The Senate approved legislation yesterday that would put off for still another year a provision in the 1976 Tax Reform Act that would have tightened the tax treatment of Americans living abroad - buying additional time for a possible compromise on the issue.

The proposal was passed by voice vote as part of a bill containing a series of minor tax provisions. The Senate Finance Committee had sought to delay the 1976 measure for two years, but agreed to the shorter postponement after opposing sides failed to reach a compromise.

The legislation now goes to a Senate-House conference committee, which is expected to agree on a one-year postponement. The House approved a one-year delay. The two houses are rushing to send the bill to the president before the June 15 dead-life for filing overseas tax returns.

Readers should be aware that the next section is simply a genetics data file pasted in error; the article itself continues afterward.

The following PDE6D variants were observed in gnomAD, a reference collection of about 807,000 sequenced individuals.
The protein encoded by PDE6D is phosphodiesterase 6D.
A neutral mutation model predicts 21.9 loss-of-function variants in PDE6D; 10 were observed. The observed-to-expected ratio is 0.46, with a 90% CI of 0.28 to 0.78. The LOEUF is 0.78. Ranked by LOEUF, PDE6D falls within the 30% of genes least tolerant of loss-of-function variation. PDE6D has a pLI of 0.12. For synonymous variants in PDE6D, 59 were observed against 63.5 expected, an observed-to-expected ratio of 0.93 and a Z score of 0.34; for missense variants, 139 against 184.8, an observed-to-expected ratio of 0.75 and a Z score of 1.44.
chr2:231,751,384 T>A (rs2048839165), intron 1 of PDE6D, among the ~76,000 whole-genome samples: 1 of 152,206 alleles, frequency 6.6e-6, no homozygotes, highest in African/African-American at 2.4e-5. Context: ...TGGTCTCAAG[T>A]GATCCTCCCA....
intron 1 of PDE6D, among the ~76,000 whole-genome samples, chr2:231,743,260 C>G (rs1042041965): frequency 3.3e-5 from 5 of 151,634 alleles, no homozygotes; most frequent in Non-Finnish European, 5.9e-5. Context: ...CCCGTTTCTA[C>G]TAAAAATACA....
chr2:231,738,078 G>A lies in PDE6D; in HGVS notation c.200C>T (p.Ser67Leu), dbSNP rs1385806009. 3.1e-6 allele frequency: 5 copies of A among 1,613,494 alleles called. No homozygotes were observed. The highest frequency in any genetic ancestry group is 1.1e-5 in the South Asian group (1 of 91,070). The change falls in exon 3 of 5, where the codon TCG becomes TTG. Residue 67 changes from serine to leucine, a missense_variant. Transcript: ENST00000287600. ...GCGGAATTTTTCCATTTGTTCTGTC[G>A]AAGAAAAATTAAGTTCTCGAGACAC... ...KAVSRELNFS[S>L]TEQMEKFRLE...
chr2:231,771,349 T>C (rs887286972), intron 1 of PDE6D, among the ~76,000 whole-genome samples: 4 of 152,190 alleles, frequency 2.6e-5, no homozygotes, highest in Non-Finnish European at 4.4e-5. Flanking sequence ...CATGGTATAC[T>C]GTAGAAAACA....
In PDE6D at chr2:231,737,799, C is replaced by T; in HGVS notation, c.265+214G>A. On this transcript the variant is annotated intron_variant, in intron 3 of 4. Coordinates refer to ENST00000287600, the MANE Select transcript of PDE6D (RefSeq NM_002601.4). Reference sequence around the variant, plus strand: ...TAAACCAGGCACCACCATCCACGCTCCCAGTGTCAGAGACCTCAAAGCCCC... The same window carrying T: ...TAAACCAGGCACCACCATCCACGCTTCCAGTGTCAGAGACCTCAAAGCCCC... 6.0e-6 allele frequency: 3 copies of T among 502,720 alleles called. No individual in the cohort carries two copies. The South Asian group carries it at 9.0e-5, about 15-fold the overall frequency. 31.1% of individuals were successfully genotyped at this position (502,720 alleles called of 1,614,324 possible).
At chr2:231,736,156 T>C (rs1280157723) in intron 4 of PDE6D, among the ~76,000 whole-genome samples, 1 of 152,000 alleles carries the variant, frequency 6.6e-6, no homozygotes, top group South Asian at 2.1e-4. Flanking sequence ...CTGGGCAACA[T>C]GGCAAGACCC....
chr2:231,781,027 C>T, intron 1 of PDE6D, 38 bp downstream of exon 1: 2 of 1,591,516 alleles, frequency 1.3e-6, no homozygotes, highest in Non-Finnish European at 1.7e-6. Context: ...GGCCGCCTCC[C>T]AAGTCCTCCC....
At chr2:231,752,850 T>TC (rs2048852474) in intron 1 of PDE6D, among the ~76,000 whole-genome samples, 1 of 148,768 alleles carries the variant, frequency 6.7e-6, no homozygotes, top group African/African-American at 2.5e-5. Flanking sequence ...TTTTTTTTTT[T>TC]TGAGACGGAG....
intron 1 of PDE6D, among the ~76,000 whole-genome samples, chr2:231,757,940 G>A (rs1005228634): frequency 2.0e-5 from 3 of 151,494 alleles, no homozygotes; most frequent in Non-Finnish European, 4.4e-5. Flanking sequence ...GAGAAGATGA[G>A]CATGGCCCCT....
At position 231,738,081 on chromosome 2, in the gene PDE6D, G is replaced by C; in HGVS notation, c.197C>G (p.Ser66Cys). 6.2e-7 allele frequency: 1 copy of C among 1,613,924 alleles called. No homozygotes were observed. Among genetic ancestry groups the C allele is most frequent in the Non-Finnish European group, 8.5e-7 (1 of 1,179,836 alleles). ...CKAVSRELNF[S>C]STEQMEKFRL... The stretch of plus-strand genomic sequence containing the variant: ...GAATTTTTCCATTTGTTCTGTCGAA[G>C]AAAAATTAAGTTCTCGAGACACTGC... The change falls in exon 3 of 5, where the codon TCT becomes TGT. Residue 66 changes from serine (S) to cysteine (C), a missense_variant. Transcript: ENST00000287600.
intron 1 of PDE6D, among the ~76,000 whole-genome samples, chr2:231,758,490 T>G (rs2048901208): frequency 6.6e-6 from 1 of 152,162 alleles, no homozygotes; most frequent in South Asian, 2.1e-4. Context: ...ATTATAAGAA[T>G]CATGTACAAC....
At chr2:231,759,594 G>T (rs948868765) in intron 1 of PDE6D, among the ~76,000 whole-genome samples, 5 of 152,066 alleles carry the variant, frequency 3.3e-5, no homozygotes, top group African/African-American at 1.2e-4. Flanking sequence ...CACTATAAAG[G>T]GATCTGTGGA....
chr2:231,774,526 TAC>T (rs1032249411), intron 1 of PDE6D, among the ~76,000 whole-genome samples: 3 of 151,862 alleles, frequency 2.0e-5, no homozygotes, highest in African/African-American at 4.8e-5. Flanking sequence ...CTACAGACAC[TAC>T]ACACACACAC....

The Senate version also includes a provision by Sen. Abraham Ribicoff D-(Conn.) that would set up a new system of computing taxes for Americans living abroad, beginning with the 1978 tax year. However, sources say Congress may change that again before the year is out.

The law makers voted in 1976 to tighten the tax treatment of Americans living overseas by reducing the position of their income that is tax free and revamping the procedure for figuring taxes. However, the construction industry and other lobbies vigorously opposed it, and the measure was postponed.

Once the conference committee pushes through another year's delay in the 1976 provisions, the two houses are expected to try to work out a compromise on permanent legislation.